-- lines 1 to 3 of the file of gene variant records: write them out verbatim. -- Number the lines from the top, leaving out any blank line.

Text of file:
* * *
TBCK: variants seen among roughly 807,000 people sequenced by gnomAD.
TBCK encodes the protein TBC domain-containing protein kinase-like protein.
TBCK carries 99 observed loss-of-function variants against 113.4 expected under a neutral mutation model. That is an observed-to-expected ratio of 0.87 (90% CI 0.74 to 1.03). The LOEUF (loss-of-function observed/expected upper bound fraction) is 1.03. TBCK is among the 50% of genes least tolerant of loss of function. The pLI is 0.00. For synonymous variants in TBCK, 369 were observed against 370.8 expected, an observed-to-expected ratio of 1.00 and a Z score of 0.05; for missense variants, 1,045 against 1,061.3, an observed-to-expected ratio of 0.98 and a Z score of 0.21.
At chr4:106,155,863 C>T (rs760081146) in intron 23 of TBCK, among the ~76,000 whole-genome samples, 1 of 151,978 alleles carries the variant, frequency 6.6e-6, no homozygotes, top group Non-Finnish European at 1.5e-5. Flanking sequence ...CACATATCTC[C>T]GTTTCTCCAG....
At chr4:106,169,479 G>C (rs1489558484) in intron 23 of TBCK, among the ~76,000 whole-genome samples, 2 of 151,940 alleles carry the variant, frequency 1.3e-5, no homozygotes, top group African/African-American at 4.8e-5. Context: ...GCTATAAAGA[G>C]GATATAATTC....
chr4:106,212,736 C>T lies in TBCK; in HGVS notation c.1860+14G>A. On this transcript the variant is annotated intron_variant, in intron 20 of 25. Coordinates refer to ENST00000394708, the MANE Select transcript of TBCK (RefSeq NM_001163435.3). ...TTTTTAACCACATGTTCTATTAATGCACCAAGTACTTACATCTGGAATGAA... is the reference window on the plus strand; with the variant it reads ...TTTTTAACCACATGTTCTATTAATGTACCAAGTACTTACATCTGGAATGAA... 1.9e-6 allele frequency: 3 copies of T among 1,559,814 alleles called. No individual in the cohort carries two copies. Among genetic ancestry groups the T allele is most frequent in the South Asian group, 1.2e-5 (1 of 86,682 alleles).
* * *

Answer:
TBCK: variants seen among roughly 807,000 people sequenced by gnomAD.
TBCK encodes the protein TBC domain-containing protein kinase-like protein.
TBCK carries 99 observed loss-of-function variants against 113.4 expected under a neutral mutation model. That is an observed-to-expected ratio of 0.87 (90% CI 0.74 to 1.03). The LOEUF (loss-of-function observed/expected upper bound fraction) is 1.03. TBCK is among the 50% of genes least tolerant of loss of function. The pLI is 0.00. For synonymous variants in TBCK, 369 were observed against 370.8 expected, an observed-to-expected ratio of 1.00 and a Z score of 0.05; for missense variants, 1,045 against 1,061.3, an observed-to-expected ratio of 0.98 and a Z score of 0.21.